Auxerre is located between Paris and Dijon in the Yonnethe town has a prestigious cultural heritage, the legacy of its Gallo-Roman, medieval, gastronomic and winegrowing history.
Positioned at the intersection of land routes and waterways, the city developed on the banks of the River Yonne.
A City of Art and History, filled with many half-timbered houses that add to its charm, Auxerre is divided into distinct neighbourhoods, with so many different atmospheres to discover. Its historic centre is a 67-hectare preserved area.
In the La Marine district, organised around the Yonne, the memory of the river trades is very much alive. In particular, there is a beautiful 16th-century house, formerly owned by a merchant who traded via the river. This district lies at the foot of the oldest monument in Auxerre, the Benedictine Abbey of St. Germain, founded in the 5th century. Its 9th-century Carolingian crypt is adorned with the oldest known mural paintings in France! Meanwhile, the convent buildings house the Auxerre Museum of Art and History and its archaeological collections ranging from Prehistory to the Middle Ages. The 12th-century chapterhouse, the 14th-century cellar, the 17th-century cloister and the 12th-century St. John Tower with its beautiful stone spire are among the vestiges of the past that you can discover when visiting the area.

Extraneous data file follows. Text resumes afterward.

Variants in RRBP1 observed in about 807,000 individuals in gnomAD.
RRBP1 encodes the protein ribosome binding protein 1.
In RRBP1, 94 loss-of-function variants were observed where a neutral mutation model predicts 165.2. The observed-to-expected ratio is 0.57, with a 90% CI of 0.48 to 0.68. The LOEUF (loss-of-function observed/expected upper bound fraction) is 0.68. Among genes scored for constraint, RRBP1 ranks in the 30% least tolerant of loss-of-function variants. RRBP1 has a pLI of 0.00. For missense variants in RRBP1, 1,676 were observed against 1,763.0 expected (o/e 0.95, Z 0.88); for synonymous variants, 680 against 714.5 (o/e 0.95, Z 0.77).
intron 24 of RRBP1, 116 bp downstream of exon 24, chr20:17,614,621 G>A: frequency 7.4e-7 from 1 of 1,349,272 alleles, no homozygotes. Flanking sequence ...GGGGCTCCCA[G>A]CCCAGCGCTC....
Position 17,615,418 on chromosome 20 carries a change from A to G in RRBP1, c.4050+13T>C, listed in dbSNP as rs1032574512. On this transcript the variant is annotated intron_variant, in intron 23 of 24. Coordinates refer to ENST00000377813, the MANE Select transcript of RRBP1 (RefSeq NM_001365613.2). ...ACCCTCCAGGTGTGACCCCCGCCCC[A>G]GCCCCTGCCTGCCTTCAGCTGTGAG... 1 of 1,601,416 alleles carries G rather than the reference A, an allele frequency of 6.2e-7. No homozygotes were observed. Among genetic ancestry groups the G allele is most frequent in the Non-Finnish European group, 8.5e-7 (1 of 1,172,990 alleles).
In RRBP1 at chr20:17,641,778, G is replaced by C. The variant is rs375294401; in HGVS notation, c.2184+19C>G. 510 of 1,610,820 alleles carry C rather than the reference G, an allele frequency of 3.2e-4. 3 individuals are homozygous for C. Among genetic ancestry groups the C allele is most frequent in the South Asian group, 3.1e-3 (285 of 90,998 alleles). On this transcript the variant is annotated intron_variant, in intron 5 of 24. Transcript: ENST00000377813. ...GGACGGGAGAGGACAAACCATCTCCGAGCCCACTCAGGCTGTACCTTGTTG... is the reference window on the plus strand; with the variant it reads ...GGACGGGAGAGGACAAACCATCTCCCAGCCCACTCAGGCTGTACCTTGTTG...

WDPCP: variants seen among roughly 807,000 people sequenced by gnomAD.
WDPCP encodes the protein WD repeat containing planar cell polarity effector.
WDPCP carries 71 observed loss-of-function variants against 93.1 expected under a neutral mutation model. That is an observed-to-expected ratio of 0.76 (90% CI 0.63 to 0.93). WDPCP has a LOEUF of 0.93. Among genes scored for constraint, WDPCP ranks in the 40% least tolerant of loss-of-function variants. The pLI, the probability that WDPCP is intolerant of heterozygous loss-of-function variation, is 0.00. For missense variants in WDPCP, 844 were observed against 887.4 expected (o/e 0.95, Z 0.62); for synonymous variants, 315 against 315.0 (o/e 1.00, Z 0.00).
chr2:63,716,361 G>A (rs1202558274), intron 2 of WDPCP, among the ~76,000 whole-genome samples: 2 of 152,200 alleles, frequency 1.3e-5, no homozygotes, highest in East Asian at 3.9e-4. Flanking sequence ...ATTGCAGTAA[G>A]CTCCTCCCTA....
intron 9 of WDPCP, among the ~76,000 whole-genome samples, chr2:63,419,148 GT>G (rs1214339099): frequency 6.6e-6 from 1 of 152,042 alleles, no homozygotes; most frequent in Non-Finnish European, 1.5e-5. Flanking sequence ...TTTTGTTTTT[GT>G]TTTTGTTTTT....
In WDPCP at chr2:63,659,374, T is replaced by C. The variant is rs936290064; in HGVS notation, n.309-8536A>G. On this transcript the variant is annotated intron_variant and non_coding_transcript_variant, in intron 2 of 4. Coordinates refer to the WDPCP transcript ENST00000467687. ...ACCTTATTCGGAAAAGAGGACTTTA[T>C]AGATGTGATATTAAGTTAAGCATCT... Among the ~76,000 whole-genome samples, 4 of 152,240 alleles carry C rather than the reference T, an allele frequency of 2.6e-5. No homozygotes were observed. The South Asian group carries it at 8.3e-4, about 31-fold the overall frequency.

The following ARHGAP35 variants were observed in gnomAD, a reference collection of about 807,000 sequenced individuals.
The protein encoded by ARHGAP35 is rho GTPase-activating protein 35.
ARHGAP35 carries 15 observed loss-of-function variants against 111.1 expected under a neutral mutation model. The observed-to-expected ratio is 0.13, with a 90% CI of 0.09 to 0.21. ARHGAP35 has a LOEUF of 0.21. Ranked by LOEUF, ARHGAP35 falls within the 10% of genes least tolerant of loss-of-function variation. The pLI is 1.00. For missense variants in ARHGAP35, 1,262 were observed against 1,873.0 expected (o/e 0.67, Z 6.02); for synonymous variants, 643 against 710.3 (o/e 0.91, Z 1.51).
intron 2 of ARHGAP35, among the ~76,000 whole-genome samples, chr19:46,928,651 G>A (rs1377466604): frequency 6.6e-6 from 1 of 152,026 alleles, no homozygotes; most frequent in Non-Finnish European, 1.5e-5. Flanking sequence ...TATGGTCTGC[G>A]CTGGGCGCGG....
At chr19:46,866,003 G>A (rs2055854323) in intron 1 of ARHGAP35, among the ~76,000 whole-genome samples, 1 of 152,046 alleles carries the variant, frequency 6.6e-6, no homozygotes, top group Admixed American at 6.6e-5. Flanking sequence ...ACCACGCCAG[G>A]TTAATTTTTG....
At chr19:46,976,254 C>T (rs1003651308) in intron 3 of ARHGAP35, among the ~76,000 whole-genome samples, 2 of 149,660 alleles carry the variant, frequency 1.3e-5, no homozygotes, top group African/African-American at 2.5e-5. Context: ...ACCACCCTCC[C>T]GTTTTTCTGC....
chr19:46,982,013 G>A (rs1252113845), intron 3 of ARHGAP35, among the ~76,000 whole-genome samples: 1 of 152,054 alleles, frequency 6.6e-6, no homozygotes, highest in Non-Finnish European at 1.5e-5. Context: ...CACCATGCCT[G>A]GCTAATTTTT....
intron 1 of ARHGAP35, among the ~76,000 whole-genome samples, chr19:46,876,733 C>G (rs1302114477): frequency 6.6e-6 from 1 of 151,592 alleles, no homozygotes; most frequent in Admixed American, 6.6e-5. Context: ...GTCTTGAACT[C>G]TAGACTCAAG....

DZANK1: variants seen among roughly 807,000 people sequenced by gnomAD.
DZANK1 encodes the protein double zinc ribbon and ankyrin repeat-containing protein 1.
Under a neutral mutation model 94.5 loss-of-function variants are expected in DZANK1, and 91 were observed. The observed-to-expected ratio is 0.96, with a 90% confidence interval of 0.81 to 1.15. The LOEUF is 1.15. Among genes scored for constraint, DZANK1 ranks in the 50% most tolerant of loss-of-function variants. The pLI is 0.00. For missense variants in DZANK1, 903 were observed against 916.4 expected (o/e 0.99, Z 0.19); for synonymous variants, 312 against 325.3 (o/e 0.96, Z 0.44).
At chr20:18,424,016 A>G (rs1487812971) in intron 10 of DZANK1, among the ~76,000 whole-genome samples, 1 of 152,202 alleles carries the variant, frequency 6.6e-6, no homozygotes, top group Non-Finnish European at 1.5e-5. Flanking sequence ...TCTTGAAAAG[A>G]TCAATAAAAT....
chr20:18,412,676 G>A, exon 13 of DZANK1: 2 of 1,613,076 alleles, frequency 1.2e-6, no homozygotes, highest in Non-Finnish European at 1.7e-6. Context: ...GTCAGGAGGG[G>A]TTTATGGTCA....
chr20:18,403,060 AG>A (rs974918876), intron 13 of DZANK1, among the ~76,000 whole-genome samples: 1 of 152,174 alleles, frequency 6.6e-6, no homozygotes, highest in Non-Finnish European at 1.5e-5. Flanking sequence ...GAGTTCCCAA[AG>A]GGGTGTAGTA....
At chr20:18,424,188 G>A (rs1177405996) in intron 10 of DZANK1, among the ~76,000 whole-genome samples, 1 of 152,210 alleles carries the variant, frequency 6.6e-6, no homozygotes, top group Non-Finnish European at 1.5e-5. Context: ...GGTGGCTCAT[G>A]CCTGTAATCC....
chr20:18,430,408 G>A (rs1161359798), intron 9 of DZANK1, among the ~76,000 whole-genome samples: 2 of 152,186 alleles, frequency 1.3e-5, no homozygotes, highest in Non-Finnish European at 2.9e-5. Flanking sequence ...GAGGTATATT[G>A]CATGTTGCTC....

Near the La Marine district is the Gothic Cathedral of St. Stephen, built from the 13th to the 16th century. Its asymmetric façade and superb stained glass windows contribute to its elegance. In its 11th-century Romanesque crypt, you will be able to admire the famous and magnificent fresco of Christ on horseback.
Not far from there, the typical streets of the L’Horloge district will lead you to the Clock Tower, built in the 15th century on the remains of an old Gallo-Roman castrum. This is the neighbourhood of half-timbered and stone houses, mansions, Renaissance homes and Art Deco buildings. Near the tower is the house of the most famous court bailiff: Cadet Roussel!
Other sights to see are the Churches of St. Peter and St. Eusebius, and the lovely Leblanc-Duvernoy Museum of ceramics. The latter also has a fine collection of 18th-century tapestries from the Beauvais factory.
On Rue de Paris, the 18th-century Visitandines Chapel houses a large collection of polychrome woodcarvings by the artist François Brochet.
The Natural History Museum of Auxerre, meanwhile, has 140,000 natural history specimens that show the region’s biodiversity in the past and present.
In an area with a strong winegrowing sector and significant gastronomic heritage, don’t forget to sample a little glass of Auxerrois wine and one of the Burgundian specialities like gougère or eggs en meurette!